by Tina Shannon
Dear Fellow Progressive Democrats,
Do you think it is important to participate in this election?
We progressives are just beginning to find our voice. People are starting to want to hear what we have to say. Here in Beaver County the regular Dems invited us to their Annual Fundraising Banquet even though we bring no significant monetary resources. We were invited to participate in the One Nation coalition of labor, the NAACP & community leaders that took 4 buses to the October 2nd rally in DC. Our public events to discuss important issues are well attended.
To continue building in Beaver County, in the 4th Congressional District, we must use our growing strength to help stop the far-right from taking power in this election. All the races are close. If our effort makes the difference, we can build a stronger progressive movement. If we help the 2 Democratic labor candidates for State Representative get elected then we have a relationship with them as they move into power.
Pat Toomey is to the right of Bush. Toomey & Corbett are test cases for Tea Party politics. We might be disappointed that we haven’t made as much progress as we wanted for health care, peace, jobs, and the environment. But we must ask ourselves; do we want to be ruled by the likes of the Tea Party? If we do the work that prevents the Tea Party from gaining ascendancy in our country it may feel like the status quo goes on like usual. But we will have made a tremendous contribution by building the foundation for future progress.
66 Reasons NOT to Vote for Pat Toomey
by Jeffrey C. Billman
In any other year, it wouldn’t be working. In any other year, Pat Toomey — former derivatives trader, congressman and president of the anti-tax group Club for Growth — wouldn’t be getting away with it. In any other year, his long-standing efforts to privatize Social Security, his radical approach to taxes and spending, his courting of fringe politicians, the millions of dollars he spent purging moderates from the Republican Party, his unabashed corporatism and his voting record — which is, statistically speaking, to the right of the late Jesse Helms — would render him unelectable in a state like Pennsylvania.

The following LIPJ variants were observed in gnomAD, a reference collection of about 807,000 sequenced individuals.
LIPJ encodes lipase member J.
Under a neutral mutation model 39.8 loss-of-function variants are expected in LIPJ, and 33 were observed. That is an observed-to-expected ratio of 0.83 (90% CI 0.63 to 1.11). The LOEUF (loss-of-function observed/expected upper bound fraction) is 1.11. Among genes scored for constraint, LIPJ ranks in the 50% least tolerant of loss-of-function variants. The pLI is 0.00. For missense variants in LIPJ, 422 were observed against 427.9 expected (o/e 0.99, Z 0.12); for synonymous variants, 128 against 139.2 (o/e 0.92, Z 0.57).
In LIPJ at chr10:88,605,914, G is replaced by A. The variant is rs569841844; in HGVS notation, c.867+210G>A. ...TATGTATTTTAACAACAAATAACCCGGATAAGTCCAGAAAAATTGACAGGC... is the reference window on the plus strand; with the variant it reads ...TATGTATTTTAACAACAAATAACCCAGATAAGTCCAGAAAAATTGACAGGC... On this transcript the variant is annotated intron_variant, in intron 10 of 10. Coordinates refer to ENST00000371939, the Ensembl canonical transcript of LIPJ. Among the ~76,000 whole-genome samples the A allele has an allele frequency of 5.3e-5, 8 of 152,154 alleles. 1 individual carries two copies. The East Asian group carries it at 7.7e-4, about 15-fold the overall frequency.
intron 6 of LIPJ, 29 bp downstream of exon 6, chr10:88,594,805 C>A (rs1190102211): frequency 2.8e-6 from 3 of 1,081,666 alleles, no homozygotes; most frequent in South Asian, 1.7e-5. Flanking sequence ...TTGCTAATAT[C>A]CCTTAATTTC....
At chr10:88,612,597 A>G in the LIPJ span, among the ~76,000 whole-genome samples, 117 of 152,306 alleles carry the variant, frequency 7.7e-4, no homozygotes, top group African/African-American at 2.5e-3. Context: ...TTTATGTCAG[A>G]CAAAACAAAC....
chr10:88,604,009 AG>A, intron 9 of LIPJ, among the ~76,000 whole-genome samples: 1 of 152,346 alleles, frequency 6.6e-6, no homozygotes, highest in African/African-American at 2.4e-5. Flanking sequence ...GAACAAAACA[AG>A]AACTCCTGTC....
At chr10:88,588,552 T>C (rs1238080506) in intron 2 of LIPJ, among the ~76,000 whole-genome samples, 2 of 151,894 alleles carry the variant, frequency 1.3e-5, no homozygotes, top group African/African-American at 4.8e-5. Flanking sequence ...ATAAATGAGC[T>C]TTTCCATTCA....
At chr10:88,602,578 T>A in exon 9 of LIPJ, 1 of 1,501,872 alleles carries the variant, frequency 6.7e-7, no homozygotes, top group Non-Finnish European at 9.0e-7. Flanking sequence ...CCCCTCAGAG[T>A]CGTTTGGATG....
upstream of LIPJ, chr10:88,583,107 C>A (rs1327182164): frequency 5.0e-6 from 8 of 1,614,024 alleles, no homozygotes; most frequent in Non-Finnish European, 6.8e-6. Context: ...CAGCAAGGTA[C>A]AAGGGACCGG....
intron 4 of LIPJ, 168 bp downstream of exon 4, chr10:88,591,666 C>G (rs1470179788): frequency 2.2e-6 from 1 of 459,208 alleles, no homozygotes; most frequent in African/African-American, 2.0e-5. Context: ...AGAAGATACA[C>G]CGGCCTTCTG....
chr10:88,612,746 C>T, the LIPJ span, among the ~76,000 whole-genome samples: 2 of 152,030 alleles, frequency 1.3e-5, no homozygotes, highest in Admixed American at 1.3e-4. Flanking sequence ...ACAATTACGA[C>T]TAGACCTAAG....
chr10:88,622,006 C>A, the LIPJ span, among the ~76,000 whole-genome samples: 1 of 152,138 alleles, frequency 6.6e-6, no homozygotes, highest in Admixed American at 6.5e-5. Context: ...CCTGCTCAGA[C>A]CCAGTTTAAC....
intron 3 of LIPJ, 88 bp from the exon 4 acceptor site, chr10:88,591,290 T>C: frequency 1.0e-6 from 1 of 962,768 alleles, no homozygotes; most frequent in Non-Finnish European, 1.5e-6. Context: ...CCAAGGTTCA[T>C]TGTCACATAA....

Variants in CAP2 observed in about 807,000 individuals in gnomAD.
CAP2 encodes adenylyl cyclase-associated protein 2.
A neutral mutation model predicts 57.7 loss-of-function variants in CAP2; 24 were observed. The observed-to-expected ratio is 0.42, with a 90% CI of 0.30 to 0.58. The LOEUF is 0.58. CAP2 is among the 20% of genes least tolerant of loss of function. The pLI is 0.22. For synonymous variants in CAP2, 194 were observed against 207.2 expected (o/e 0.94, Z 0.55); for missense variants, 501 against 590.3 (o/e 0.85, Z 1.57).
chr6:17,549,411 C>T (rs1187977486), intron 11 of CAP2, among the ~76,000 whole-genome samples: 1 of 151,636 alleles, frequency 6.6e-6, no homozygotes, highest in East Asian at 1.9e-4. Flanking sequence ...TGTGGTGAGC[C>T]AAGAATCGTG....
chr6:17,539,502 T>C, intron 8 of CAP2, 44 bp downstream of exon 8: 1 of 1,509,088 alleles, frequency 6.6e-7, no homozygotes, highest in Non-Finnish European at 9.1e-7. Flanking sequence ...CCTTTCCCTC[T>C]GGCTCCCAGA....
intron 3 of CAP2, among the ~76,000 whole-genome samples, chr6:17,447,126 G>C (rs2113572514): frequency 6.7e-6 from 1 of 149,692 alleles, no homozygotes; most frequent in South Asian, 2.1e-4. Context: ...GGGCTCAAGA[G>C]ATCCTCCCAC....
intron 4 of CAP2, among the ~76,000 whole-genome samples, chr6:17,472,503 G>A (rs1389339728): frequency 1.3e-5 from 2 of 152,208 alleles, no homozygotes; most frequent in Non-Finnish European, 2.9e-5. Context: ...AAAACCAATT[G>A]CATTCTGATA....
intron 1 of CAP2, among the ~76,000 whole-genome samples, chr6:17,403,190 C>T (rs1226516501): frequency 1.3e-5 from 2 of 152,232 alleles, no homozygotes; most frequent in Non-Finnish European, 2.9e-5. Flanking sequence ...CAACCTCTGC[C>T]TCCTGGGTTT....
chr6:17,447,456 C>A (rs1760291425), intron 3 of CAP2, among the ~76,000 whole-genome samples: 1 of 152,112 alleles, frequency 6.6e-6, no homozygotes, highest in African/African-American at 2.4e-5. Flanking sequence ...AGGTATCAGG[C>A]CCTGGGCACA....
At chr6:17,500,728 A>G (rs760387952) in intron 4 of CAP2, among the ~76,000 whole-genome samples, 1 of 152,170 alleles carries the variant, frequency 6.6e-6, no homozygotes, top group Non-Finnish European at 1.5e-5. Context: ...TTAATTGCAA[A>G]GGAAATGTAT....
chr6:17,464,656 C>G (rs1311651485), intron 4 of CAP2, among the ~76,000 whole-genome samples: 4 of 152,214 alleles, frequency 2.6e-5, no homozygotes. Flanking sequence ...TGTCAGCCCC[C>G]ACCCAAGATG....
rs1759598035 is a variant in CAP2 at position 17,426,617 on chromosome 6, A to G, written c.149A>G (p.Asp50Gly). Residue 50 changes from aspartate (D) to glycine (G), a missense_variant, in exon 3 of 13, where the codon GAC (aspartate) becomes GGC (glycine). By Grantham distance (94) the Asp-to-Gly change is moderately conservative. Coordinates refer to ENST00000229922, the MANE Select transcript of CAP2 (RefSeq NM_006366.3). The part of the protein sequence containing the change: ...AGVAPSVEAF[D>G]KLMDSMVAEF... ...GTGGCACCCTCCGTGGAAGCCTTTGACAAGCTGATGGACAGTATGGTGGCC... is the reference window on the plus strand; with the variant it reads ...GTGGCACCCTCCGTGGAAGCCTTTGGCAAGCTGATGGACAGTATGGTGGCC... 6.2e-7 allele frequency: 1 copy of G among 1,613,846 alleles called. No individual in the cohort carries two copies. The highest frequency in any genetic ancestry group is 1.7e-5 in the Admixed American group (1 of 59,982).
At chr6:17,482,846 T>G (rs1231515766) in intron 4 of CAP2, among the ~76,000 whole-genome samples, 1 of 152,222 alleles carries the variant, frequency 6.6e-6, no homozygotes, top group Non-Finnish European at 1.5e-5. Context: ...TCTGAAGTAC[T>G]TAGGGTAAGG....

Last year, in fact, many Republicans thought that the case. In April 2009, William Parker, founder of the Pennsylvania Club for Growth, begged him to bow out of his challenge to Sen. Arlen Specter: “Pat can’t win the general election,” he wrote in a letter to Republicans. But Toomey pressed on, and not long after Parker wrote that letter, Specter switched parties. Without a serious primary challenge, Toomey was free to reinvent himself: No longer was he a rigid ideologue; instead, he morphed into a “mainstream,” “center-right” businessman who simply wants more jobs and less government.
That this rebranding might succeed is a testament to the times in which we live: 2010 is, after all, the year of the Tea Party, of Christine O’Donnell, of Sharron Angle, of Rand Paul. The year in which Glenn Beck’s paranoia can draw tens of thousands to the National Mall, and revanchist politicians speak openly of repealing the sacraments of the New Deal. This is the year in which anxiety over the economy has poisoned our relationship with rationality.